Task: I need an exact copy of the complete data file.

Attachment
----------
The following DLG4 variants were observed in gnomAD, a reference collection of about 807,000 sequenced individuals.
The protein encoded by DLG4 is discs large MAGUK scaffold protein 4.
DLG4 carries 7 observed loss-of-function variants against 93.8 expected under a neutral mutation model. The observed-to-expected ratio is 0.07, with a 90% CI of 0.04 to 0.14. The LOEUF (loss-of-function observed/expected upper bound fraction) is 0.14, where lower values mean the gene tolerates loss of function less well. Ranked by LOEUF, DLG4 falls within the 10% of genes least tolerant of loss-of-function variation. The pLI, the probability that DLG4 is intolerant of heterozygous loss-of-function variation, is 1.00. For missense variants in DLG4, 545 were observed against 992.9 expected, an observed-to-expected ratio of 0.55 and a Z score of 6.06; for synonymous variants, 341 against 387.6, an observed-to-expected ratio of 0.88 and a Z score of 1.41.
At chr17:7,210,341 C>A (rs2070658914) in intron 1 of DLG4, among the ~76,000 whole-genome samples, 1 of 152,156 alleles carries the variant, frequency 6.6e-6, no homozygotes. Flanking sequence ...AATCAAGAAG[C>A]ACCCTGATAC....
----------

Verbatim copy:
The following DLG4 variants were observed in gnomAD, a reference collection of about 807,000 sequenced individuals.
The protein encoded by DLG4 is discs large MAGUK scaffold protein 4.
DLG4 carries 7 observed loss-of-function variants against 93.8 expected under a neutral mutation model. The observed-to-expected ratio is 0.07, with a 90% CI of 0.04 to 0.14. The LOEUF (loss-of-function observed/expected upper bound fraction) is 0.14, where lower values mean the gene tolerates loss of function less well. Ranked by LOEUF, DLG4 falls within the 10% of genes least tolerant of loss-of-function variation. The pLI, the probability that DLG4 is intolerant of heterozygous loss-of-function variation, is 1.00. For missense variants in DLG4, 545 were observed against 992.9 expected, an observed-to-expected ratio of 0.55 and a Z score of 6.06; for synonymous variants, 341 against 387.6, an observed-to-expected ratio of 0.88 and a Z score of 1.41.
At chr17:7,210,341 C>A (rs2070658914) in intron 1 of DLG4, among the ~76,000 whole-genome samples, 1 of 152,156 alleles carries the variant, frequency 6.6e-6, no homozygotes. Flanking sequence ...AATCAAGAAG[C>A]ACCCTGATAC....